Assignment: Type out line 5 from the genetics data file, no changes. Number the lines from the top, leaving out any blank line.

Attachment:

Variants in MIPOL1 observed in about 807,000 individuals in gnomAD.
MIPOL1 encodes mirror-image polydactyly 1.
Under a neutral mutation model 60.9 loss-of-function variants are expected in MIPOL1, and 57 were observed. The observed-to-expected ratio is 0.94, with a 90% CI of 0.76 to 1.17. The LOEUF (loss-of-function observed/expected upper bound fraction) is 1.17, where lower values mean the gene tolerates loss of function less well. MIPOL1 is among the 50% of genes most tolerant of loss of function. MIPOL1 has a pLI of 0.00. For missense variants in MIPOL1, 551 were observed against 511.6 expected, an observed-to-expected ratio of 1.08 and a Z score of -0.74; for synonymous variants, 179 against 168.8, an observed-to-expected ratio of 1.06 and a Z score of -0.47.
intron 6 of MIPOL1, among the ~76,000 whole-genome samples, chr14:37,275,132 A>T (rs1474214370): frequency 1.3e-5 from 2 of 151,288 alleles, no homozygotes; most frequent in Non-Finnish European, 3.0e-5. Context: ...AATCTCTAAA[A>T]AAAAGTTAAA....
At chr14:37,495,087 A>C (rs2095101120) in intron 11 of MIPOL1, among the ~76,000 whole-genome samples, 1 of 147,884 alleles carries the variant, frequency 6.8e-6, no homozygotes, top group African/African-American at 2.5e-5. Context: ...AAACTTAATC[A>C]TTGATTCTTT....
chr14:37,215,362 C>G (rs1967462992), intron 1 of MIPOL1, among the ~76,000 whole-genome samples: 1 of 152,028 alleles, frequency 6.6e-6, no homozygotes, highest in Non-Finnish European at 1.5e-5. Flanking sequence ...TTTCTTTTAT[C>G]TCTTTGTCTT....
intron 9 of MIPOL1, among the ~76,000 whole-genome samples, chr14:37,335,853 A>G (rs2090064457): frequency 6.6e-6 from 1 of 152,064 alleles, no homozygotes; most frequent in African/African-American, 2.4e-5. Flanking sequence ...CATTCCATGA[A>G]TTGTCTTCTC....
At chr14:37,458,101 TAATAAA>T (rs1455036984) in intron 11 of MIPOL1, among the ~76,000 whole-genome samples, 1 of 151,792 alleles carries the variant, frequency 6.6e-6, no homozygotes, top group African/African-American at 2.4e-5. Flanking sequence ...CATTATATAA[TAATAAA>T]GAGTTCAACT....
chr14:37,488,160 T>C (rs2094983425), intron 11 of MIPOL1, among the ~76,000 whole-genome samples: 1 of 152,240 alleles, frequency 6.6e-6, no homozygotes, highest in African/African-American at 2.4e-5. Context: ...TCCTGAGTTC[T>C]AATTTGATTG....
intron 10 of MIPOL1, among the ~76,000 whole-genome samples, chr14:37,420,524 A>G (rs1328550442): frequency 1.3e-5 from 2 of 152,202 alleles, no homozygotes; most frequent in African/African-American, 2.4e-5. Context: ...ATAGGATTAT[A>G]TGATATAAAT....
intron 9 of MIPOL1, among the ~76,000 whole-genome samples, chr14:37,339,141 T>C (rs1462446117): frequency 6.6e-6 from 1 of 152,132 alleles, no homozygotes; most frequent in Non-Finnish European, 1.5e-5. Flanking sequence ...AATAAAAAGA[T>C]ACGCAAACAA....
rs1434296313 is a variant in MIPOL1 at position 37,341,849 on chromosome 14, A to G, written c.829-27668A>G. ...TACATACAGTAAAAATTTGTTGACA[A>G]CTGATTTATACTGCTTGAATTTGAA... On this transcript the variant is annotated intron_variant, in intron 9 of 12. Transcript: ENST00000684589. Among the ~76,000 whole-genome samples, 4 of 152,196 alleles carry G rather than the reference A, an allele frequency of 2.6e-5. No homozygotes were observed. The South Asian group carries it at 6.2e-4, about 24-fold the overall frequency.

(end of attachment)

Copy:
At chr14:37,495,087 A>C (rs2095101120) in intron 11 of MIPOL1, among the ~76,000 whole-genome samples, 1 of 147,884 alleles carries the variant, frequency 6.8e-6, no homozygotes, top group African/African-American at 2.5e-5. Context: ...AAACTTAATC[A>C]TTGATTCTTT....